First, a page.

In 2022, the region registered 191 atrocities by law enforcement officers compared to 21 events in the second-highest area, Western Africa. Moreover, organised crime was also highest in Eastern Africa as of 2021, with an average score of 5.66 index points. A deterioration in organised crime in all African regions was registered between 2019 and 2021, making the continent the second highest globally (following Asia).

Statista, while noting South Africa’s increasing worry and crime scene, said: “A significant share of South Africans are concerned about violence and crime. As of June 2023, 56 percent of the respondents worried about crime and violence, which placed the country among the highest countries in the 29 covered states. Since April 2022, South African respondents’ troubled by crime has consistently been over 50 percent.

“This is a result of aggravating levels of crime in the country. For instance, all forms of contact crimes increased (except sexual offenses) in the fourth quarter of 2023 compared to the same quarter a year prior. However, South Africa had a non-proportional number of convictions for crimes.”

Daily Trust reports that during the three-day event in Abuja, leading experts on peace, security and development from across Nigeria, Africa and the world will present papers and engage in various syndicate sessions.

The African Peace Institute for Social Research with its collaborator, the APUDI Institute for Peace Studies and Social Rehabilitation as the names connote, are Peace Institutes engaged in research, consultancy, human capacity development and academic activities at the postgraduate level. They are engaged in dual pedagogy.

They have been involved in topical issues bedeviling the nation in particular and the world in general. These challenges form the bedrock of their engagements in peace practice and management.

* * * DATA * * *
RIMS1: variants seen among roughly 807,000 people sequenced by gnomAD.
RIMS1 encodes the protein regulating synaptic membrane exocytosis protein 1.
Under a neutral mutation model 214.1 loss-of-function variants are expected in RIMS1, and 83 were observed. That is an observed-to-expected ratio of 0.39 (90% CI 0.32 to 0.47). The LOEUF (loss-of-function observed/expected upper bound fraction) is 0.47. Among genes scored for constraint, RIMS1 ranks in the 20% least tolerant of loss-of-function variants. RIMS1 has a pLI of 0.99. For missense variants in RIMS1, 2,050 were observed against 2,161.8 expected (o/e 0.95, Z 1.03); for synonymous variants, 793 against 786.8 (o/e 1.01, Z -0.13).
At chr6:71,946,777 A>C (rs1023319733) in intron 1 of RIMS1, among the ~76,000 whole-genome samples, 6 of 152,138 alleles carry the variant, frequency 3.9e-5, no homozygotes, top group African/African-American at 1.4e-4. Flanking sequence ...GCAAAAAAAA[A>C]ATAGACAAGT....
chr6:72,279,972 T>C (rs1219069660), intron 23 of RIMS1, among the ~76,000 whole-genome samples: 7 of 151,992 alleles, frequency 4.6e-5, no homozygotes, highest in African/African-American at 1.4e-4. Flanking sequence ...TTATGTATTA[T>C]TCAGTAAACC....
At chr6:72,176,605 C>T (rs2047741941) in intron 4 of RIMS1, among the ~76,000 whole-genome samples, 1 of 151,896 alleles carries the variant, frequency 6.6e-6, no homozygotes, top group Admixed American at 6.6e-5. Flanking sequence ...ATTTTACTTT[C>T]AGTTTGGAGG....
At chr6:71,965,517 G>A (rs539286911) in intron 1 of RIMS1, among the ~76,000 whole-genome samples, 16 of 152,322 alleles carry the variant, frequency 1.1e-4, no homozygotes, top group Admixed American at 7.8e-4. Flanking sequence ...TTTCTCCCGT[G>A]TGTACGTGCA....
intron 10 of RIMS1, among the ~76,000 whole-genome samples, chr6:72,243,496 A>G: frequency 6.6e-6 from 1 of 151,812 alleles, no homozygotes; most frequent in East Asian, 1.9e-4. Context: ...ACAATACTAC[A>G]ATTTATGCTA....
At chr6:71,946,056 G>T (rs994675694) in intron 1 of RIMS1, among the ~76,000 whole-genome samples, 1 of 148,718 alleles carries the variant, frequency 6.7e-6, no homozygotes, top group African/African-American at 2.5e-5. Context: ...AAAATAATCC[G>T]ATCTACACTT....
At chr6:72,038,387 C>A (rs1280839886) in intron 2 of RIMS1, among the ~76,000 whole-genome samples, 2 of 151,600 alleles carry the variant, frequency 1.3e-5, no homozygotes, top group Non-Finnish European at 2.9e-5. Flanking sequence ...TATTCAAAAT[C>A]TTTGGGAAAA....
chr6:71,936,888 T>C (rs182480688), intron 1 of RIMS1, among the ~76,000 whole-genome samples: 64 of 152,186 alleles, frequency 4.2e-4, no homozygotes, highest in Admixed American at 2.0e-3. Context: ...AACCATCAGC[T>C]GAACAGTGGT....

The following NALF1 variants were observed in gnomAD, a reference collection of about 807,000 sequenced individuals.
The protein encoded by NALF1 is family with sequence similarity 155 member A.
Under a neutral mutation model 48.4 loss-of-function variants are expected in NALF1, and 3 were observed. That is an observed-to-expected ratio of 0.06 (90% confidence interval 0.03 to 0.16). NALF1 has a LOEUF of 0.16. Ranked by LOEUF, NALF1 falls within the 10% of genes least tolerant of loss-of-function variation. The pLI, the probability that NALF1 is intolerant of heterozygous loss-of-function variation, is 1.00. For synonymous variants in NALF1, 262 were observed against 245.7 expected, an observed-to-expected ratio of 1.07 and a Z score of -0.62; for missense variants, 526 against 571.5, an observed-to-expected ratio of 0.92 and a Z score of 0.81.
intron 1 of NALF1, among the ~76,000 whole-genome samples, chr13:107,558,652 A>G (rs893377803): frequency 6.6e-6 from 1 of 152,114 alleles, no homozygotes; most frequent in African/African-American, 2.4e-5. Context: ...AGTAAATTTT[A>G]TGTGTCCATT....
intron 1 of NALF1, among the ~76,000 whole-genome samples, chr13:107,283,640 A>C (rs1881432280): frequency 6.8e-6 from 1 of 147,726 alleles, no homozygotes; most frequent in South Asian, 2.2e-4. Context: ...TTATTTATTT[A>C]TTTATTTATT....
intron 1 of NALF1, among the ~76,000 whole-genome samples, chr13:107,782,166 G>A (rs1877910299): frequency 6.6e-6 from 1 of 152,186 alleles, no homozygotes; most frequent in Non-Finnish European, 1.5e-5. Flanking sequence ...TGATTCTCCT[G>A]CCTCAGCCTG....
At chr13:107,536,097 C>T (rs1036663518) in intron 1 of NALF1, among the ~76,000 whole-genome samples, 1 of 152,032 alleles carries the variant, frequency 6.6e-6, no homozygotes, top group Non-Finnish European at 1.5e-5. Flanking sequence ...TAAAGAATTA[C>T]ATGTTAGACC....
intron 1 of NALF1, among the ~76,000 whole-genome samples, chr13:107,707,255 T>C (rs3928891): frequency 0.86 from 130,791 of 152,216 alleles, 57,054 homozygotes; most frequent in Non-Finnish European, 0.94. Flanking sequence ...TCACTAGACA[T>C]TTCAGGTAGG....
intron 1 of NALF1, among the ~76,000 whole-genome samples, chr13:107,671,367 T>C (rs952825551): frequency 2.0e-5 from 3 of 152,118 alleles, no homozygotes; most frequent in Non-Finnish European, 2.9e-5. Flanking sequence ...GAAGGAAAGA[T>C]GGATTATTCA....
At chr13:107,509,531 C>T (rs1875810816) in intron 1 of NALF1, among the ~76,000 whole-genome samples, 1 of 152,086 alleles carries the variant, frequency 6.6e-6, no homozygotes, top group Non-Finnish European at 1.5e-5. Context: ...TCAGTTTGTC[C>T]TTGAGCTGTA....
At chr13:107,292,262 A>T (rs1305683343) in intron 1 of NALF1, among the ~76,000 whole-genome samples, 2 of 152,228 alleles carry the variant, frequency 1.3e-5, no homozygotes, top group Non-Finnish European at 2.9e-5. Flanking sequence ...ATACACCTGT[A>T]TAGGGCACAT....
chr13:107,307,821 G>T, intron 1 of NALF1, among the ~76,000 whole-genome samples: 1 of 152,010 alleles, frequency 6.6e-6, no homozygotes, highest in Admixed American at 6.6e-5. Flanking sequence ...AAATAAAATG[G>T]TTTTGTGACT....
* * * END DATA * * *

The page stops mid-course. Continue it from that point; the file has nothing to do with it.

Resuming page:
While noting that insecurity in recent times had become worrisome and seemingly ungovernable, the Prof. Danladi Abok Atu, Director General, APUDI Institute for Peace Studies and Social Rehabilitation (APIS) said this is without doubt, inimical to the growth and development of the corporate existence and security of different states of Africa. 

This, Atu said prompted the conference, dedicated to fostering collaboration, synergy and dialogue among leaders, policymakers, academics and traditional/religious leaders towards addressing topical issues concerning global peace and security. The conference will also enhance the professional development of participants in their challenging tasks of peace practice and security initiative through robust data build up. 

“At the end of the conference, it is expected to find very reliable data that will help policy makers and security actors in decision making on peace and security in Africa. 

“The event also hopes to come up with viable focal areas of collaboration with relevant agencies both locally and internationally to curb high level crime and insecurity in Africa such as; banditry, school insecurity, genocide, forest and ungoverned space security, border security, etc,” the DG said.

The conference is going to be led by a lead presenter who will speak on the general theme and provide insight on some peer review work for discussion.

The discussion will be led by; the United Nations, Genocide Office (UNGO); Rear Admiral Olumuyiwa Marakinyo Olotu, the Commandant, National Defence College Abuja; Joseph Ochogwu, the Director General, Institute for Peace and Conflict Resolution (IPCR); Nathaniel Awuapila, the President, Society for Peace Studies and Practice (SPSP) and Alh. A.S. Adeleke.

Papers and research presented will be done on a panel basis. There will be three panels; panel one will focus on peace, security and strategy, panel two will speak on social work, NGO and development studies and social statistics, while the third panel will duel on public policy, governance, and leadership.

The conference is being managed and organised by the Local Organizing Committee. Members of the committee include Dr. Kevin Amanze Ihenatu, Chairman; Dr. Nnamdi Chris Okafor, Secretary; Rev. Fr. Dr. Emmanuel Ejimonu, Dr. Gotan Irimiya Dr. Ozioma Nduagu, Dr. John Babi, Dr. Joshua Bakut and Igwe Martin.